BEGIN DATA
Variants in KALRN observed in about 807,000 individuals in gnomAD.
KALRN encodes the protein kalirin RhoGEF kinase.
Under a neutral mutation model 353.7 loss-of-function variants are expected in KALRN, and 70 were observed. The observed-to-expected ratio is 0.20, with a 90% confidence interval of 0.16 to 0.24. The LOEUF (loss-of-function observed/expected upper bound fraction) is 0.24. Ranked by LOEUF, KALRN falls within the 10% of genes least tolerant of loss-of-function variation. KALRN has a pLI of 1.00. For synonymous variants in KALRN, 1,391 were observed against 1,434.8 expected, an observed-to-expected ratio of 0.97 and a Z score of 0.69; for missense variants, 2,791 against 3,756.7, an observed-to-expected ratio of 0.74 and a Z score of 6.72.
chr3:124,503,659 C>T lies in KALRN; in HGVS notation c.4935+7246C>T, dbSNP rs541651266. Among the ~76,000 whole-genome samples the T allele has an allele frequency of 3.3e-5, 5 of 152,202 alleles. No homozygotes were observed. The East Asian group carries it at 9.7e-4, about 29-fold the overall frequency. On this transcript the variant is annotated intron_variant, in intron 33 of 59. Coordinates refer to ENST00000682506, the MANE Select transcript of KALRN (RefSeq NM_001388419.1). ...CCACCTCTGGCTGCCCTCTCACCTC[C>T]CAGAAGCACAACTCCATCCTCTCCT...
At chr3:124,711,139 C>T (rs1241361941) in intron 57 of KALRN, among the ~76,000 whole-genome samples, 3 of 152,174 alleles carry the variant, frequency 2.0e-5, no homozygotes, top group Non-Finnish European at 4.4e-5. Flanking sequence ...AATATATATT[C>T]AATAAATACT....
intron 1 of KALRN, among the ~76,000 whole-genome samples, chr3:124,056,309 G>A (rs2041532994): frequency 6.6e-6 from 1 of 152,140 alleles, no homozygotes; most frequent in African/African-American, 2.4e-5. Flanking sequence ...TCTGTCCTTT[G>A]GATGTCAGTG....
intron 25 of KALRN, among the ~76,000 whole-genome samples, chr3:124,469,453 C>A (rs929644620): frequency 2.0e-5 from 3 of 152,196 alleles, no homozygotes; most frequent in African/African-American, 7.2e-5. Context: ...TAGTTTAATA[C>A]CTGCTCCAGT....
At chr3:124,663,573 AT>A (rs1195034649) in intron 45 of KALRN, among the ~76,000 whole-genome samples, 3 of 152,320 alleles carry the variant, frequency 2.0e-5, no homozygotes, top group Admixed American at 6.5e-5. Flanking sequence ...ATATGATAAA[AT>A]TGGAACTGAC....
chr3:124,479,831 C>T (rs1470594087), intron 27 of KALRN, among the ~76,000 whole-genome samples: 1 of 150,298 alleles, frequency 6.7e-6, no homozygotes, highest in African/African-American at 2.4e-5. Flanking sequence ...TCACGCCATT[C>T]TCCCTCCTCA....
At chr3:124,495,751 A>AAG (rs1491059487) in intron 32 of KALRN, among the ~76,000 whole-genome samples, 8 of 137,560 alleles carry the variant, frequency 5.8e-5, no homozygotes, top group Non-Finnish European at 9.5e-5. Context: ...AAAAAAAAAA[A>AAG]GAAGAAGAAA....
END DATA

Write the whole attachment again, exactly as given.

Variants in KALRN observed in about 807,000 individuals in gnomAD.
KALRN encodes the protein kalirin RhoGEF kinase.
Under a neutral mutation model 353.7 loss-of-function variants are expected in KALRN, and 70 were observed. The observed-to-expected ratio is 0.20, with a 90% confidence interval of 0.16 to 0.24. The LOEUF (loss-of-function observed/expected upper bound fraction) is 0.24. Ranked by LOEUF, KALRN falls within the 10% of genes least tolerant of loss-of-function variation. KALRN has a pLI of 1.00. For synonymous variants in KALRN, 1,391 were observed against 1,434.8 expected, an observed-to-expected ratio of 0.97 and a Z score of 0.69; for missense variants, 2,791 against 3,756.7, an observed-to-expected ratio of 0.74 and a Z score of 6.72.
chr3:124,503,659 C>T lies in KALRN; in HGVS notation c.4935+7246C>T, dbSNP rs541651266. Among the ~76,000 whole-genome samples the T allele has an allele frequency of 3.3e-5, 5 of 152,202 alleles. No homozygotes were observed. The East Asian group carries it at 9.7e-4, about 29-fold the overall frequency. On this transcript the variant is annotated intron_variant, in intron 33 of 59. Coordinates refer to ENST00000682506, the MANE Select transcript of KALRN (RefSeq NM_001388419.1). ...CCACCTCTGGCTGCCCTCTCACCTC[C>T]CAGAAGCACAACTCCATCCTCTCCT...
At chr3:124,711,139 C>T (rs1241361941) in intron 57 of KALRN, among the ~76,000 whole-genome samples, 3 of 152,174 alleles carry the variant, frequency 2.0e-5, no homozygotes, top group Non-Finnish European at 4.4e-5. Flanking sequence ...AATATATATT[C>T]AATAAATACT....
intron 1 of KALRN, among the ~76,000 whole-genome samples, chr3:124,056,309 G>A (rs2041532994): frequency 6.6e-6 from 1 of 152,140 alleles, no homozygotes; most frequent in African/African-American, 2.4e-5. Flanking sequence ...TCTGTCCTTT[G>A]GATGTCAGTG....
intron 25 of KALRN, among the ~76,000 whole-genome samples, chr3:124,469,453 C>A (rs929644620): frequency 2.0e-5 from 3 of 152,196 alleles, no homozygotes; most frequent in African/African-American, 7.2e-5. Context: ...TAGTTTAATA[C>A]CTGCTCCAGT....
At chr3:124,663,573 AT>A (rs1195034649) in intron 45 of KALRN, among the ~76,000 whole-genome samples, 3 of 152,320 alleles carry the variant, frequency 2.0e-5, no homozygotes, top group Admixed American at 6.5e-5. Flanking sequence ...ATATGATAAA[AT>A]TGGAACTGAC....
chr3:124,479,831 C>T (rs1470594087), intron 27 of KALRN, among the ~76,000 whole-genome samples: 1 of 150,298 alleles, frequency 6.7e-6, no homozygotes, highest in African/African-American at 2.4e-5. Flanking sequence ...TCACGCCATT[C>T]TCCCTCCTCA....
At chr3:124,495,751 A>AAG (rs1491059487) in intron 32 of KALRN, among the ~76,000 whole-genome samples, 8 of 137,560 alleles carry the variant, frequency 5.8e-5, no homozygotes, top group Non-Finnish European at 9.5e-5. Context: ...AAAAAAAAAA[A>AAG]GAAGAAGAAA....